It seems to me that financial illiteracy is the failure to understand adequately how financial products work and, in particular, what are the downside risks. Rather than being a narrow problem, Professor Lusardi’s research and Chairman Bernanke’s 2009 speech suggest that it is widespread. In fact, maybe nearly all of us are afflicted with this disease. It is important and worthwhile to search for a cure, or at least a way to cope.
One possibility is product simplification. A major goal of the new consumer protection agency, the Consumer Financial Protection Board, is to require that major financial institutions provide simple and streamlined versions of major financial products. This is intended to make it is a lot easier for customers to conduct comparison shopping. However, this does not address the reality that financial decision making is inherently complex. There are several sources of uncertainty including future wage income, investment returns and mortality. Simple products would be great; but which ones should we buy and how much?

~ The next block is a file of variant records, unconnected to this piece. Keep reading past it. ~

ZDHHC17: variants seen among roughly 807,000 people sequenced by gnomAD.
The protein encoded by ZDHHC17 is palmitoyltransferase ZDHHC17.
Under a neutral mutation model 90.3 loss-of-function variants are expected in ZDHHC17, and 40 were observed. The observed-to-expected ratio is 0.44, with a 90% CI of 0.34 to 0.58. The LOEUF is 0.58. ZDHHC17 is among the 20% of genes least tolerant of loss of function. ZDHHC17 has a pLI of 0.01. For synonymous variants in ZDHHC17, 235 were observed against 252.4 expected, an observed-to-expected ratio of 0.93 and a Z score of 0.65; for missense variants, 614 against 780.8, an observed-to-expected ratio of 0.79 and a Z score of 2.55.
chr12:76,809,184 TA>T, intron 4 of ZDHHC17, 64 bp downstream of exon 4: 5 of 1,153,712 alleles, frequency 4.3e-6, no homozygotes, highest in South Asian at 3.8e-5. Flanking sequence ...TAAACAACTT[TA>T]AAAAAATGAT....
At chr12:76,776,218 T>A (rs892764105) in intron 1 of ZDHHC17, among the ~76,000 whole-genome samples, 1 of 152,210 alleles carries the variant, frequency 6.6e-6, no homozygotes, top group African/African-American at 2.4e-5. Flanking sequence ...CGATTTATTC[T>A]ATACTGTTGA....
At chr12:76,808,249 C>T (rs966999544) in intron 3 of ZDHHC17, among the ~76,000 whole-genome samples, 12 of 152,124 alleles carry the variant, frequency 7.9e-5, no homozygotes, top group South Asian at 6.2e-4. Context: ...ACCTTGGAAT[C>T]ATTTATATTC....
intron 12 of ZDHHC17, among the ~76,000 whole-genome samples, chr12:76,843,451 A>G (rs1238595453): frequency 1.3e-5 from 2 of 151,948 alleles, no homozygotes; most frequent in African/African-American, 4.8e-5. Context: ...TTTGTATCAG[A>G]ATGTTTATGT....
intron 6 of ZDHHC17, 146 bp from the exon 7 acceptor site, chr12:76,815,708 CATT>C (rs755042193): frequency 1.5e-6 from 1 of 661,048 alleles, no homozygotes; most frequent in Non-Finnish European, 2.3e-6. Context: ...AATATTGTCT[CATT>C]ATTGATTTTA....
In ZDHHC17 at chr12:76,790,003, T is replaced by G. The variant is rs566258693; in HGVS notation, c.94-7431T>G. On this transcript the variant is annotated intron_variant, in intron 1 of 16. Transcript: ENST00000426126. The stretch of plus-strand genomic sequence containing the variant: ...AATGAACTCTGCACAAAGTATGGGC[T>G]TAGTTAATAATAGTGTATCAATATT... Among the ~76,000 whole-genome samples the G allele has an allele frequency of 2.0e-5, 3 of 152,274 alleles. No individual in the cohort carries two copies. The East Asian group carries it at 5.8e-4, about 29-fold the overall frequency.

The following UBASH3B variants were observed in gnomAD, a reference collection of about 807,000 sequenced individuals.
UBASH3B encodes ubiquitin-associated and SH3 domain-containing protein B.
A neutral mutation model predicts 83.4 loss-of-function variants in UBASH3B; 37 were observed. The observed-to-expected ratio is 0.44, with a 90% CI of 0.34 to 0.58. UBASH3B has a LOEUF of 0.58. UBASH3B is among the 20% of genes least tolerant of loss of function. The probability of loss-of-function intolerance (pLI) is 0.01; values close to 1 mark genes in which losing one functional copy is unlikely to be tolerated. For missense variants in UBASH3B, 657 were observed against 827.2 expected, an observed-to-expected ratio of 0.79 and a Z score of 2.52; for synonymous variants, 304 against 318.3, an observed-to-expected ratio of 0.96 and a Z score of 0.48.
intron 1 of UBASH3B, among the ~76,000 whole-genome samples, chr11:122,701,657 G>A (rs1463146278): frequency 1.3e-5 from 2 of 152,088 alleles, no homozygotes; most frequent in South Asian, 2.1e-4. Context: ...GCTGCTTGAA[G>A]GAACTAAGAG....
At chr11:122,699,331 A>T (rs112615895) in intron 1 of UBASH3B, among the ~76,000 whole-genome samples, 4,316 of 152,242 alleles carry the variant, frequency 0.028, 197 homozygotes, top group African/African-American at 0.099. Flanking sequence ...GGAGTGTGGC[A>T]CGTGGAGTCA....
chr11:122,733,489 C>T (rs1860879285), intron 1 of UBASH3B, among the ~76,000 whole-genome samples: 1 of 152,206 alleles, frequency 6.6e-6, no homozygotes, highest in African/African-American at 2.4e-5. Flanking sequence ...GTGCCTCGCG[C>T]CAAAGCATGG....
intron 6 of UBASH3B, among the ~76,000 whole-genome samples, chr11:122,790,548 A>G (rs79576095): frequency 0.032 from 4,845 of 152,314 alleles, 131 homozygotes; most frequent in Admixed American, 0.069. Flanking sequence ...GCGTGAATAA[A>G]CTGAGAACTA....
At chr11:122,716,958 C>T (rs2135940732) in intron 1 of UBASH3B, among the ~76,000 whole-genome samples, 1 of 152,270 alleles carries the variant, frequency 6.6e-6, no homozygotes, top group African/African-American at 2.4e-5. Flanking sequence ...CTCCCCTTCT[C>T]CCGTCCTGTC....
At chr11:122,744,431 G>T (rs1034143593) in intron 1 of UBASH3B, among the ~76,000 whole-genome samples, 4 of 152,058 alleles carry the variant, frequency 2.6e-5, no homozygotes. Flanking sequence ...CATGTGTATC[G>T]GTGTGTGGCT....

Another approach is to develop educational programs in financial literacy for school children and adults, just as Chairman Bernanke discussed in his recent speech. The Fed has established a website that contains useful materials for students and teachers alike. Professor Lusardi has shown that people who participate in financial education programs score higher on her literacy index, and therefore are more like to make sensible financial decisions.
A complementary strategy is to appeal to the theory of the second best. Let’s try and find simple strategies which work pretty well most of the time, and which hold up in stress conditions. I think a set of simple rules provided several years ago by Ben Franklin4 is useful: be diligent and frugal, buy life insurance if you have dependents, and invest in passively managed index funds (actually, Ben only proposed the first two of these rules).
At the end of the day, each individual needs to choose the information sources that they find most amenable and trustworthy. The goal is to find advice that is unbiased and expert. You don’t necessarily have to become an expert yourself, but you do have to learn enough about the issues so that you are comfortable you are not being led astray.
1Ben Bernanke, “Financial Education,” 2012.
2Annamaria Lusardi, “Planning for Retirement: The Importance of Financial Literacy,” Public Policy and Aging Report, 2009.
3Ben Bernanke, “Monetary Policy and the Housing Bubble,” 2010.
4Ben Franklin, The Way to Wealth, 1758.